440 F2d 1347 Woods v. State of Texas

440 F.2d 1347

Paul WOODS, Petitioner-Appellant,
v.
STATE OF TEXAS et al., Respondents-Appellees.
No. 30870 Summary Calendar.*
*Rule 18, 5th Cir.; see Isbell Enterprises, Inc
v.
Citizens Casualty Co. of New York et al., 5th Cir. 1970, 431
F.2d 409, Part I.

United States Court of Appeals, Fifth Circuit.

April 5, 1971.

Paul Woods, pro se.

Crawford C. Martin, Atty. Gen., Nola White, First Asst. Atty. Gen., Alfred Walker, Executive Asst., Robert C. Flowers, Howard M. Fender, Asst. Attys. Gen., Austin, Tex., for respondents-appellees.

Before GEWIN, GOLDBERG and DYER, Circuit Judges.

PER CURIAM:

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1

In this habeas corpus petition, Paul Woods, a prisoner of the State of Texas, asserts that the district court erred in denying relief on the ground that counsel was not provided in connection with a parole revocation proceeding which resulted in petitioner's return to prison in 1964 to resume service of his 99-year sentence for murder with malice. We affirm.

2

In Shaw v. Henderson,1 this court held that failure to appoint counsel for an indigent in a Louisiana state probation proceeding is not a basis for federal habeas relief for two primary reasons:

3

First, the revocation of probation hearing is not a 'criminal proceeding.' Second, Shaw's 'right to liberty' was taken from him during his trial for burglary in 1965. He received probation solely at the discretion of the sentencing court. Thus, the 'liberty' of which he speaks is a matter of grace which can be granted or denied within the discretion of the sentencing court at the time sentence is imposed. Indeed, he was under sentence from the beginning of his probation, but he was given conditional liberty which could be revoked when he violated the conditions imposed.2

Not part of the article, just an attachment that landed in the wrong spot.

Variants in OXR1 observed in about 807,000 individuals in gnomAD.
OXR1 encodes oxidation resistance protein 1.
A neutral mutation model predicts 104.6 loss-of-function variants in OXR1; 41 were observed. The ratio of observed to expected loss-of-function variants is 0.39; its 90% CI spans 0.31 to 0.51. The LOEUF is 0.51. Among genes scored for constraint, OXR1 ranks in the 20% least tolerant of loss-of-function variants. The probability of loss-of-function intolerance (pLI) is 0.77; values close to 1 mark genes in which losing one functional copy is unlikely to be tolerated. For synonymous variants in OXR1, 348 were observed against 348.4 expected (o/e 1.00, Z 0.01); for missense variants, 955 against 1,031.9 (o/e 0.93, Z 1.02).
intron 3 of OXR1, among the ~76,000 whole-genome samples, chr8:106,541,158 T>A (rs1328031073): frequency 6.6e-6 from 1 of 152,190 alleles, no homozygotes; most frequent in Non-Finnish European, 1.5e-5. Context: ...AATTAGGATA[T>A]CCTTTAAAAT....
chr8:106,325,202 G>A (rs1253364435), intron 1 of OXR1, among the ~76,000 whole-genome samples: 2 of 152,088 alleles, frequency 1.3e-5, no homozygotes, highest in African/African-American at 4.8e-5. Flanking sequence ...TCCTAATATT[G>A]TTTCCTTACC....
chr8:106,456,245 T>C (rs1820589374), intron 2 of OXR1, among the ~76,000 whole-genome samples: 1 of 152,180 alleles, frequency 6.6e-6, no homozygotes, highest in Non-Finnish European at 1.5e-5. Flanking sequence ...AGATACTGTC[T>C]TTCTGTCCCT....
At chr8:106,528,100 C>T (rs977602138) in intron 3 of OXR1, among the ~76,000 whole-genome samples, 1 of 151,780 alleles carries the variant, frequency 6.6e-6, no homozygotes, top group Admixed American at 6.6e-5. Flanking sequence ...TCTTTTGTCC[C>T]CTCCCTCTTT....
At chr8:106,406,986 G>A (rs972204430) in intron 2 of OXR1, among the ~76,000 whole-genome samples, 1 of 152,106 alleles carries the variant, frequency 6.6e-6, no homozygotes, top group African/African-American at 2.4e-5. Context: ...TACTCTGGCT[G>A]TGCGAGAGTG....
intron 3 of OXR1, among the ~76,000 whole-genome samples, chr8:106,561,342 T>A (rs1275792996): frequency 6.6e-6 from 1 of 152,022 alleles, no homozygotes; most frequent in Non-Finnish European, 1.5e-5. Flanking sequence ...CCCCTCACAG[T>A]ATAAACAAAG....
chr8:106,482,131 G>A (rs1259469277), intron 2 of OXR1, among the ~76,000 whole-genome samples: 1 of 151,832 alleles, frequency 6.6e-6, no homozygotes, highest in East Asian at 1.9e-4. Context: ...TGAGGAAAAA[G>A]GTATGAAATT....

4

The court below held that the rationale of Shaw militates against granting petitioner Woods the relief he seeks. We agree. In Shaw there was no denial of Sixth Amendment rights because the probation hearing was not a 'criminal proceeding;' 'he was not sentenced at the hearing, and no substantial rights were affected or could have been affected at the hearing.'3 The reasoning of the court in Shaw as applied to probation hearing applies a fortiori to petitioner's case since parole revocation is even more remote from the actual 'criminal proceedings' than revocation of probation.

5

Affirmed.

1

430 F.2d 1116 (5th Cir. 1970)

2

Id. at 1118-1119. See also: Loper v. Beto, 440 F.2d 934 (5th Cir. 1971) (1971)

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3

Id. at 1118